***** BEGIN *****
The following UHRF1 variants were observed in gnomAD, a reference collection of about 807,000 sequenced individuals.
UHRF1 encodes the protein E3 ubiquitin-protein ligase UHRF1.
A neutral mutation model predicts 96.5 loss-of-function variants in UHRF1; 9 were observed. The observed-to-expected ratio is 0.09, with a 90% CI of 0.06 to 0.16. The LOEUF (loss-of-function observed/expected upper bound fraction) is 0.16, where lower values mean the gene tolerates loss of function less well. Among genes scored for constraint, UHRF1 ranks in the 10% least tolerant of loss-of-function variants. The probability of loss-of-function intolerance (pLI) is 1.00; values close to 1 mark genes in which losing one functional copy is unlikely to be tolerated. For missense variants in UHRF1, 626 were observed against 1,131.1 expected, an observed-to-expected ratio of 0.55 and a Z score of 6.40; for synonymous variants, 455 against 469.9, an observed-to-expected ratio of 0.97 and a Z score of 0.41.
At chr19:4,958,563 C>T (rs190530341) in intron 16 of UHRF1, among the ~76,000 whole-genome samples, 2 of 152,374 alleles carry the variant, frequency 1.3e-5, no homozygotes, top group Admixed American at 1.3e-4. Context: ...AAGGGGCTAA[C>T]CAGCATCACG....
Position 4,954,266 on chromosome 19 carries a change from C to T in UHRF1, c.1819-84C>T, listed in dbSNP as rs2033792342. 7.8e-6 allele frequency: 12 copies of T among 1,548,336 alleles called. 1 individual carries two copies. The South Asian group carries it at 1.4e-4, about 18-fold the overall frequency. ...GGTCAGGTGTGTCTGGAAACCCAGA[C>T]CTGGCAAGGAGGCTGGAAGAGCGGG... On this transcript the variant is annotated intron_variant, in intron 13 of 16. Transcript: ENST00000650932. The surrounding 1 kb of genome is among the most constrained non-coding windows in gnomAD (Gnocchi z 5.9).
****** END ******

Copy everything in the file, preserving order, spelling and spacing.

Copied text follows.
The following UHRF1 variants were observed in gnomAD, a reference collection of about 807,000 sequenced individuals.
UHRF1 encodes the protein E3 ubiquitin-protein ligase UHRF1.
A neutral mutation model predicts 96.5 loss-of-function variants in UHRF1; 9 were observed. The observed-to-expected ratio is 0.09, with a 90% CI of 0.06 to 0.16. The LOEUF (loss-of-function observed/expected upper bound fraction) is 0.16, where lower values mean the gene tolerates loss of function less well. Among genes scored for constraint, UHRF1 ranks in the 10% least tolerant of loss-of-function variants. The probability of loss-of-function intolerance (pLI) is 1.00; values close to 1 mark genes in which losing one functional copy is unlikely to be tolerated. For missense variants in UHRF1, 626 were observed against 1,131.1 expected, an observed-to-expected ratio of 0.55 and a Z score of 6.40; for synonymous variants, 455 against 469.9, an observed-to-expected ratio of 0.97 and a Z score of 0.41.
At chr19:4,958,563 C>T (rs190530341) in intron 16 of UHRF1, among the ~76,000 whole-genome samples, 2 of 152,374 alleles carry the variant, frequency 1.3e-5, no homozygotes, top group Admixed American at 1.3e-4. Context: ...AAGGGGCTAA[C>T]CAGCATCACG....
Position 4,954,266 on chromosome 19 carries a change from C to T in UHRF1, c.1819-84C>T, listed in dbSNP as rs2033792342. 7.8e-6 allele frequency: 12 copies of T among 1,548,336 alleles called. 1 individual carries two copies. The South Asian group carries it at 1.4e-4, about 18-fold the overall frequency. ...GGTCAGGTGTGTCTGGAAACCCAGA[C>T]CTGGCAAGGAGGCTGGAAGAGCGGG... On this transcript the variant is annotated intron_variant, in intron 13 of 16. Transcript: ENST00000650932. The surrounding 1 kb of genome is among the most constrained non-coding windows in gnomAD (Gnocchi z 5.9).